A visual history of Spadina Avenue in Toronto
Although Spadina may not compare to Yonge in terms of importance and length or Jarvis in terms of (former) beauty, Spadina is one of those crucial thoroughfares around which the city developed as it pushed west from the area around the St. Lawrence Market.
Whether on account of its proximity to Casa Loma, the dominant presence of Knox College, the public lavatory at Queen St., or just the wide expanse it cuts through the heart of the city, Spadina is one of those streets for which we have lots of archival photos.
It's also a place that exists as something of a microcosm of the city's history, from the rise of streetcar transportation, to the diversification of Toronto's ethnic population, to the battle to prevent the street from being turned into an expressway in the 1960s, our local heritage can be spotted everywhere along here.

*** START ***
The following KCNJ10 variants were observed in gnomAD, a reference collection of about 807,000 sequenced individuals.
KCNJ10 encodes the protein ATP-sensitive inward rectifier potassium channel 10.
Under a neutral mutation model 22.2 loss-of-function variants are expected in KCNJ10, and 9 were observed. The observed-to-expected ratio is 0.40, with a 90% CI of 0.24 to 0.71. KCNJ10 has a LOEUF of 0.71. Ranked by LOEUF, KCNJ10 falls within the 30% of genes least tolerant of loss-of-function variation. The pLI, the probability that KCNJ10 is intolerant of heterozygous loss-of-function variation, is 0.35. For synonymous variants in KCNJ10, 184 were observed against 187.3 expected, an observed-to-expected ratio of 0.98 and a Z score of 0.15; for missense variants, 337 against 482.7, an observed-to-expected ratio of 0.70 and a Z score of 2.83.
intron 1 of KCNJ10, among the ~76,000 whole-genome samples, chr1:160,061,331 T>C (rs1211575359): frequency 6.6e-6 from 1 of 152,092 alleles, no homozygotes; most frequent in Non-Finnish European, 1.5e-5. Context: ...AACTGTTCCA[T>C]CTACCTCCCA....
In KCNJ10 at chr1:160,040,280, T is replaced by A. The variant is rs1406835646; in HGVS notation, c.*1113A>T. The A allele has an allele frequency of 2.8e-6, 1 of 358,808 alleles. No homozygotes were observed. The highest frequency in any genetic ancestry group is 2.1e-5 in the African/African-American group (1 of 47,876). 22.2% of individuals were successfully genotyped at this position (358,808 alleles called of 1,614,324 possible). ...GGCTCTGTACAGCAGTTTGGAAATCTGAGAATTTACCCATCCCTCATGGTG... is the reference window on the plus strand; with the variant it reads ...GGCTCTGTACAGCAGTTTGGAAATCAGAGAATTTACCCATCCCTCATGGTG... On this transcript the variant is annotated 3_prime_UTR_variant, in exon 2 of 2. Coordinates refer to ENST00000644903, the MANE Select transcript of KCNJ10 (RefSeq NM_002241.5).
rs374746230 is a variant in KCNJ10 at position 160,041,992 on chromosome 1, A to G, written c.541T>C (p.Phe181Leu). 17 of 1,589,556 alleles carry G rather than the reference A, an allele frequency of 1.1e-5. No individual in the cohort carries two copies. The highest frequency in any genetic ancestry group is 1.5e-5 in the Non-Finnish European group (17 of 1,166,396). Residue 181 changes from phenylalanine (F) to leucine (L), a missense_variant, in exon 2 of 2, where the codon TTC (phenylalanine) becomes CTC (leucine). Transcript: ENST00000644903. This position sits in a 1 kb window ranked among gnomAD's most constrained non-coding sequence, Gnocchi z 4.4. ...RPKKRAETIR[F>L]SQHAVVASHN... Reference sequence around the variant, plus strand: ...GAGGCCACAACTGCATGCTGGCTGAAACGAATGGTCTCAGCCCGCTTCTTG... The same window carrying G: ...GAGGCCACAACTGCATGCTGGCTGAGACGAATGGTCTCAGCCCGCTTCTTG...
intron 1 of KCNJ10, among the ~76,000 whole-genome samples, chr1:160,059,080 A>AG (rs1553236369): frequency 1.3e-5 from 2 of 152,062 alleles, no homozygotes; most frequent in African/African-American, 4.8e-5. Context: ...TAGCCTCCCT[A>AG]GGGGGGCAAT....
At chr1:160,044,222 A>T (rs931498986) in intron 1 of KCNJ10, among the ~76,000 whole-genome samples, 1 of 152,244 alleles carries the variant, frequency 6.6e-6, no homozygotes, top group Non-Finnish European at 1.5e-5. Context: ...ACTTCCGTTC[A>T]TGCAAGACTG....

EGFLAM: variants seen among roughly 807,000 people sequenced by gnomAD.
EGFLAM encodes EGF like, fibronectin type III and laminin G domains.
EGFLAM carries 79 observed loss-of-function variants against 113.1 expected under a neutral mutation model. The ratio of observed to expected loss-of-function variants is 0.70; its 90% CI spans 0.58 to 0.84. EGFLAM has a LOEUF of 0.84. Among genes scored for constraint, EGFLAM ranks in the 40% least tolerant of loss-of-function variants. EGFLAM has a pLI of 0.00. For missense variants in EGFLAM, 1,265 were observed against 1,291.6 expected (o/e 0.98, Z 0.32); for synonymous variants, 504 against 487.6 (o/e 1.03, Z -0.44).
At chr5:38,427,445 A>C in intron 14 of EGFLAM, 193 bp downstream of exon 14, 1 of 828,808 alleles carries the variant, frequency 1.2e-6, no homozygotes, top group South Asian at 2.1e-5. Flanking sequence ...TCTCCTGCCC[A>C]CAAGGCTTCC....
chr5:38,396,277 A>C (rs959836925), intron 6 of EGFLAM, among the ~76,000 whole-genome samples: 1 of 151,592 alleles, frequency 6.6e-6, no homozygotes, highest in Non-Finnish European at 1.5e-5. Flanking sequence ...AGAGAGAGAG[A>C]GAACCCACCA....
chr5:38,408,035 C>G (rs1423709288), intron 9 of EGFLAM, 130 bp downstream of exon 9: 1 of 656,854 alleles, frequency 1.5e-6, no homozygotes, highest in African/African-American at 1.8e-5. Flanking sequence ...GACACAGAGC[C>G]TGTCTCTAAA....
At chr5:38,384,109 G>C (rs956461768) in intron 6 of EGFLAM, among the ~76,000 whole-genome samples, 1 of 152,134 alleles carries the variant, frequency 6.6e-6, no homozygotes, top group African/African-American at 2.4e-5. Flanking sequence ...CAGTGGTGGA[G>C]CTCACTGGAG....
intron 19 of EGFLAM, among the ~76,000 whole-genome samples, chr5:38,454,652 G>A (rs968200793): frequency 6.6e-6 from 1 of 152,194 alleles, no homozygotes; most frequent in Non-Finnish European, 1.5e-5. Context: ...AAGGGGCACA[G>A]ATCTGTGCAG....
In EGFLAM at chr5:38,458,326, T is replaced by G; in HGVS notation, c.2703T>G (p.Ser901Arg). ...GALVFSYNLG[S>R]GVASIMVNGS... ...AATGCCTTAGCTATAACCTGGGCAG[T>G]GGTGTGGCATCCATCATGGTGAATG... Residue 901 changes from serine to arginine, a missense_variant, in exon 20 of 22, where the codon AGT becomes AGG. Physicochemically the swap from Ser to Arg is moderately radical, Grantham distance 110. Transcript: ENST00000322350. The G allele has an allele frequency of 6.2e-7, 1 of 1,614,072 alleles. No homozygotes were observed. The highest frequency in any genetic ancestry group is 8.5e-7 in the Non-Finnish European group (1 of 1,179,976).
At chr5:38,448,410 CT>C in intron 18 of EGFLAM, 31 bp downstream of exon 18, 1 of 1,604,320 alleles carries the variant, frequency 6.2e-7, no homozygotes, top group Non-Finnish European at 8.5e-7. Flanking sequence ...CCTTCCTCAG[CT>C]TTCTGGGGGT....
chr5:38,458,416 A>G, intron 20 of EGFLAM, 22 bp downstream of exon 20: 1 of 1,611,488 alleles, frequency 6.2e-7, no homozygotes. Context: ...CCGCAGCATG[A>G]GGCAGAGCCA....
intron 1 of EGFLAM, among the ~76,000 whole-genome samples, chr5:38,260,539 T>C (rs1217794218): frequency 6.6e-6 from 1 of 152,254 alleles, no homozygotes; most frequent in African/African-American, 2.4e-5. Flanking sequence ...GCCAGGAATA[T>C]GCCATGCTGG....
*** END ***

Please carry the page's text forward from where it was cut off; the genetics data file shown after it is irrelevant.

And despite the significant changes that these photos document, Spadina's character has somehow stayed intact over the last century or so.
Don't believe me? Compare the view at Queen and Spadina in the 1920s with what you see at the intersection today; you might just get a tinge of excitement over just how close the past seems.
Other sections, like the area around U of T, aren't so easily recognizable. As was the case with so many streets in the late 1940s, widening efforts eliminated the tree-lined character of the avenue between College and Bloor streets (north of Bloor, the street name changes to Spadina Road).
And the construction of the streetcar right of way (ROW) in the 1990s did away with the diagonal parking that was once a recognizable feature of Spadina's make-up.
Still, with so many other historical treasures left to be found, there's little point in bemoaning changes that have accompanied development over the years. If they ever tear down Casa Loma, on the other hand, I'll take up arms.
It should be noted that the majority of the images feature Spadina Avenue, but for the sake of comprehensiveness, I've also included plenty that depict areas north of Bloor Street, a.k.a. Spadina Road.
And, this post wouldn't be complete without... The Spadina Bus.
the Toronto Archives unless otherwise noted
Join the conversation Load comments